As the church fulfills its call to make disciples of all who come to faith in Christ, we need also to faithfully teach and support believers who struggle with sexual sin and its consequences with the goal of seeing them live out the obedience of faith. Working against commodification, we need to revive our understanding of the virtue of chastity, which is properly-ordered sexuality (see Hebrews 13:4), a character quality that is proper to all people, single or married. This will be best accomplished through the redeemed community building one another up in love (Ephesians 4:11-16; Colossians 3:12-17). Much of the confusion about identity and sexuality in our society arises in the disintegration and disappearance of traditional community structures, which have traditionally nurtured young people’s understanding of themselves and their sexuality. The church is tasked with being a community which forms God’s people in a Christ-centered understanding of identity and purpose.

Eternal Perspectives

            Finally, a proper Christian eschatology is also important as part of the theological foundation for understanding sexual sin. While the sexual relationship in marriage is central to God’s purposes for humanity in this era, Jesus taught that this will not be the case in the eternal kingdom. “For in the resurrection they neither marry nor are given in marriage, but are like angels in heaven” (Matthew 22:30). Christians are chosen by God in order to be conformed to the image of Christ (Romans 8:29), which will be realized when we are resurrected and glorified (1 John 3:1-3) and united with Christ for eternity (Revelation 19:6-9). Viewing life from the perspective of God’s final accomplishment of His purposes in the new creation relativizes the importance of sexuality to our identity, as well as temporal suffering through temptation, disability, and disease, thereby freeing disciples to focus on the call to live now in obedience to God’s calling, knowing that our eternal identity in conformity to Christ is secure (Romans 8:23-25; 1 John 3:2-3).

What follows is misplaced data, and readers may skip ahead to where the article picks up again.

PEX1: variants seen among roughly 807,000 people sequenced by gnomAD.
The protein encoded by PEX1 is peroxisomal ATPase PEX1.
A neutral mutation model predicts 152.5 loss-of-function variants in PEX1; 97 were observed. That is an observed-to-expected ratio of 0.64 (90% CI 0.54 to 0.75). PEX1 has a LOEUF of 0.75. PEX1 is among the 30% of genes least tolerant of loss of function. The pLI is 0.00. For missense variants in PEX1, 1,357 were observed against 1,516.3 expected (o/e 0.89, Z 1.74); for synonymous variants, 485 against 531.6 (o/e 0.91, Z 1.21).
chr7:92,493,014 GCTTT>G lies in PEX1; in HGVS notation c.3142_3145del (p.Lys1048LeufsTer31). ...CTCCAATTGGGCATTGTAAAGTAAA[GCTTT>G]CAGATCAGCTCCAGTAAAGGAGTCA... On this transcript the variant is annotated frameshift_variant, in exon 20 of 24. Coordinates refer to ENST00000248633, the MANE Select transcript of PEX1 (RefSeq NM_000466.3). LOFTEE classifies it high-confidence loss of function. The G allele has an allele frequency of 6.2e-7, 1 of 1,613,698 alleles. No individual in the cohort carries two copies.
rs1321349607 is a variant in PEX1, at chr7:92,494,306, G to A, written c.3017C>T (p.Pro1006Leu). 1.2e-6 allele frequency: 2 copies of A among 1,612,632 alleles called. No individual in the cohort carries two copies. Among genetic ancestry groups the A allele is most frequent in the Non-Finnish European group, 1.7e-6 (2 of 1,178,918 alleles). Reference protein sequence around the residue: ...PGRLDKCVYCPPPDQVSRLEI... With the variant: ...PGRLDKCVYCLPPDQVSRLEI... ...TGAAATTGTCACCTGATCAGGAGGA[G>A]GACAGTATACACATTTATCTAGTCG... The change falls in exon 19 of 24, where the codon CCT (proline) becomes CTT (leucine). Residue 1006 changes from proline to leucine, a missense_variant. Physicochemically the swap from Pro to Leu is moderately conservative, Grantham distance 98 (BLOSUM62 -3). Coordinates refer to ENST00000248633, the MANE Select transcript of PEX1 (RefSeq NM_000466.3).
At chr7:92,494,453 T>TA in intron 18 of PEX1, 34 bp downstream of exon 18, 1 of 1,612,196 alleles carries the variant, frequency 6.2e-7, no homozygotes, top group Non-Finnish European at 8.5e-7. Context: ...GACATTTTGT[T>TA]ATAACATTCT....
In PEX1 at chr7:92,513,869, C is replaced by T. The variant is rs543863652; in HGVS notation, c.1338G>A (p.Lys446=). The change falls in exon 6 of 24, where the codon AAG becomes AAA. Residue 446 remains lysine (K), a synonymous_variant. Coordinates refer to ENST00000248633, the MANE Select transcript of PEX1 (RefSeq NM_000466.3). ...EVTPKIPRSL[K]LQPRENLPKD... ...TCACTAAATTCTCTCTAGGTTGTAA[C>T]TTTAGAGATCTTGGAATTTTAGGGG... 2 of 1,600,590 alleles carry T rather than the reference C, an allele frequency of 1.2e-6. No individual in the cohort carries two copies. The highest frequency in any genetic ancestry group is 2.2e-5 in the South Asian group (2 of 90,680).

Legal Challenges

The committee’s focus has been on the theological framework and on providing help to churches. At the same time, it was clearly communicated that local churches also have legal concerns around these issues. The committee has consulted with legal representation on the resolutions it will present and has asked the BFC Executive Board to take the lead on a closer reading of the legal protection provided by the BFC Articles of Faith and BPLs.

Proposed Legislation

Whereas, the Study Committee on Gender and Identity has produced and agreed on the theological framework presented in this report, therefore be it

Resolved, that the following additions be made to BFC BPL article 103-3.2 (additions in bold and underlined)